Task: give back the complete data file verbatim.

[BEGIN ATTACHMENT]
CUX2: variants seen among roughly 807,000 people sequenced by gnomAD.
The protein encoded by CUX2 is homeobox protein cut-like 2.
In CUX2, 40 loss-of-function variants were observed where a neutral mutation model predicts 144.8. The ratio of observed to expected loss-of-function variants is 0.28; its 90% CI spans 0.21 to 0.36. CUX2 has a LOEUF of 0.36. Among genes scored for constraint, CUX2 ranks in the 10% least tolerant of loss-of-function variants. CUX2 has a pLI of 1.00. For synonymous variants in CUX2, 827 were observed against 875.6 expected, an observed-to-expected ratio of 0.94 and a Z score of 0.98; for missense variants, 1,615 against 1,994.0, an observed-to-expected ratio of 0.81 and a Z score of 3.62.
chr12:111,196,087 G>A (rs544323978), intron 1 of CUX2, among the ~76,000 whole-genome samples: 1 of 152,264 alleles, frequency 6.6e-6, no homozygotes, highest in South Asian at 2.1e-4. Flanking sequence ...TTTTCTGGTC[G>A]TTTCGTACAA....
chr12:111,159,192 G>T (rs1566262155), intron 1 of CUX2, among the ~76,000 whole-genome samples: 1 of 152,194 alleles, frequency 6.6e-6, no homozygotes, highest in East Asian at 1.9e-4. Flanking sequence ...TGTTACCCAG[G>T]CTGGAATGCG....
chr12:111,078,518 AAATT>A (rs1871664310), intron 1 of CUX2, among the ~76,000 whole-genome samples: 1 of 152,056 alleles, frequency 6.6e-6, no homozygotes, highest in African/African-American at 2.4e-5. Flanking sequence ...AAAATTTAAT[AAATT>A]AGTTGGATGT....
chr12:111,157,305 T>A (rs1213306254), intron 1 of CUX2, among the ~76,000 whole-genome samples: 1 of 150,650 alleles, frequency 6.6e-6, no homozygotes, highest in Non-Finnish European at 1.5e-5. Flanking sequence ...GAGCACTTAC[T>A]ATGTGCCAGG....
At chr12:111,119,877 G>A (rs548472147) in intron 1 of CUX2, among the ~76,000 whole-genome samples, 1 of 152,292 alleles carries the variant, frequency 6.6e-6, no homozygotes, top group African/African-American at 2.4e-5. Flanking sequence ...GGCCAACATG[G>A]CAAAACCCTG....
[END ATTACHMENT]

CUX2: variants seen among roughly 807,000 people sequenced by gnomAD.
The protein encoded by CUX2 is homeobox protein cut-like 2.
In CUX2, 40 loss-of-function variants were observed where a neutral mutation model predicts 144.8. The ratio of observed to expected loss-of-function variants is 0.28; its 90% CI spans 0.21 to 0.36. CUX2 has a LOEUF of 0.36. Among genes scored for constraint, CUX2 ranks in the 10% least tolerant of loss-of-function variants. CUX2 has a pLI of 1.00. For synonymous variants in CUX2, 827 were observed against 875.6 expected, an observed-to-expected ratio of 0.94 and a Z score of 0.98; for missense variants, 1,615 against 1,994.0, an observed-to-expected ratio of 0.81 and a Z score of 3.62.
chr12:111,196,087 G>A (rs544323978), intron 1 of CUX2, among the ~76,000 whole-genome samples: 1 of 152,264 alleles, frequency 6.6e-6, no homozygotes, highest in South Asian at 2.1e-4. Flanking sequence ...TTTTCTGGTC[G>A]TTTCGTACAA....
chr12:111,159,192 G>T (rs1566262155), intron 1 of CUX2, among the ~76,000 whole-genome samples: 1 of 152,194 alleles, frequency 6.6e-6, no homozygotes, highest in East Asian at 1.9e-4. Flanking sequence ...TGTTACCCAG[G>T]CTGGAATGCG....
chr12:111,078,518 AAATT>A (rs1871664310), intron 1 of CUX2, among the ~76,000 whole-genome samples: 1 of 152,056 alleles, frequency 6.6e-6, no homozygotes, highest in African/African-American at 2.4e-5. Flanking sequence ...AAAATTTAAT[AAATT>A]AGTTGGATGT....
chr12:111,157,305 T>A (rs1213306254), intron 1 of CUX2, among the ~76,000 whole-genome samples: 1 of 150,650 alleles, frequency 6.6e-6, no homozygotes, highest in Non-Finnish European at 1.5e-5. Flanking sequence ...GAGCACTTAC[T>A]ATGTGCCAGG....
At chr12:111,119,877 G>A (rs548472147) in intron 1 of CUX2, among the ~76,000 whole-genome samples, 1 of 152,292 alleles carries the variant, frequency 6.6e-6, no homozygotes, top group African/African-American at 2.4e-5. Flanking sequence ...GGCCAACATG[G>A]CAAAACCCTG....